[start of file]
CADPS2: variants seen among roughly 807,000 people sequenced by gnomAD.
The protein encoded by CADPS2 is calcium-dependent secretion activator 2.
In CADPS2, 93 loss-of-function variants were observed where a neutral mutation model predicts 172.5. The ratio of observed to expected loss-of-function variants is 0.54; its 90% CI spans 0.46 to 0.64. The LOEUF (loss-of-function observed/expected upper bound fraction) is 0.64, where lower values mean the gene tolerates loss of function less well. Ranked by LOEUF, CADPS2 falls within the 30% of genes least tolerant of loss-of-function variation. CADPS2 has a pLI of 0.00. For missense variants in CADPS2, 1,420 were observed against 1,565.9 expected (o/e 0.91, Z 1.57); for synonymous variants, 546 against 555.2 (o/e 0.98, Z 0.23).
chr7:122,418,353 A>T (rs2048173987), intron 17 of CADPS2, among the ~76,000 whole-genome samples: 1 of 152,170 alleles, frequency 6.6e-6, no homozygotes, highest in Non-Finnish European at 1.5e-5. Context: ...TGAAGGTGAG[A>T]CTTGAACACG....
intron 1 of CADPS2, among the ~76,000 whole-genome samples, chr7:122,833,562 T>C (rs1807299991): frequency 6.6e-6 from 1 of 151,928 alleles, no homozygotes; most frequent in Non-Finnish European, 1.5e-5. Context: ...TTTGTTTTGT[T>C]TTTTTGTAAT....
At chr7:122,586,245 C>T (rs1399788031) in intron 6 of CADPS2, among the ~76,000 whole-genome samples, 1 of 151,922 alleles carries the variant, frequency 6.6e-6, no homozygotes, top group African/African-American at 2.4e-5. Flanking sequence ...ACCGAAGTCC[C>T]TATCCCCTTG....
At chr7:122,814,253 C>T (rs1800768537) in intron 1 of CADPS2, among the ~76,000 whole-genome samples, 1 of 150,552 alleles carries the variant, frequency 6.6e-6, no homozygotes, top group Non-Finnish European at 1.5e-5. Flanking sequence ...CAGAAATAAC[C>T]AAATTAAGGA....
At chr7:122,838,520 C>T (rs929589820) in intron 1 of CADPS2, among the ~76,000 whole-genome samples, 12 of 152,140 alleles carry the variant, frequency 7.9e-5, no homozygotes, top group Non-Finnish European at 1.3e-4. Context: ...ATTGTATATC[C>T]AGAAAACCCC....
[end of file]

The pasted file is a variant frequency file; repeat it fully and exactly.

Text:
CADPS2: variants seen among roughly 807,000 people sequenced by gnomAD.
The protein encoded by CADPS2 is calcium-dependent secretion activator 2.
In CADPS2, 93 loss-of-function variants were observed where a neutral mutation model predicts 172.5. The ratio of observed to expected loss-of-function variants is 0.54; its 90% CI spans 0.46 to 0.64. The LOEUF (loss-of-function observed/expected upper bound fraction) is 0.64, where lower values mean the gene tolerates loss of function less well. Ranked by LOEUF, CADPS2 falls within the 30% of genes least tolerant of loss-of-function variation. CADPS2 has a pLI of 0.00. For missense variants in CADPS2, 1,420 were observed against 1,565.9 expected (o/e 0.91, Z 1.57); for synonymous variants, 546 against 555.2 (o/e 0.98, Z 0.23).
chr7:122,418,353 A>T (rs2048173987), intron 17 of CADPS2, among the ~76,000 whole-genome samples: 1 of 152,170 alleles, frequency 6.6e-6, no homozygotes, highest in Non-Finnish European at 1.5e-5. Context: ...TGAAGGTGAG[A>T]CTTGAACACG....
intron 1 of CADPS2, among the ~76,000 whole-genome samples, chr7:122,833,562 T>C (rs1807299991): frequency 6.6e-6 from 1 of 151,928 alleles, no homozygotes; most frequent in Non-Finnish European, 1.5e-5. Context: ...TTTGTTTTGT[T>C]TTTTTGTAAT....
At chr7:122,586,245 C>T (rs1399788031) in intron 6 of CADPS2, among the ~76,000 whole-genome samples, 1 of 151,922 alleles carries the variant, frequency 6.6e-6, no homozygotes, top group African/African-American at 2.4e-5. Flanking sequence ...ACCGAAGTCC[C>T]TATCCCCTTG....
At chr7:122,814,253 C>T (rs1800768537) in intron 1 of CADPS2, among the ~76,000 whole-genome samples, 1 of 150,552 alleles carries the variant, frequency 6.6e-6, no homozygotes, top group Non-Finnish European at 1.5e-5. Flanking sequence ...CAGAAATAAC[C>T]AAATTAAGGA....
At chr7:122,838,520 C>T (rs929589820) in intron 1 of CADPS2, among the ~76,000 whole-genome samples, 12 of 152,140 alleles carry the variant, frequency 7.9e-5, no homozygotes, top group Non-Finnish European at 1.3e-4. Context: ...ATTGTATATC[C>T]AGAAAACCCC....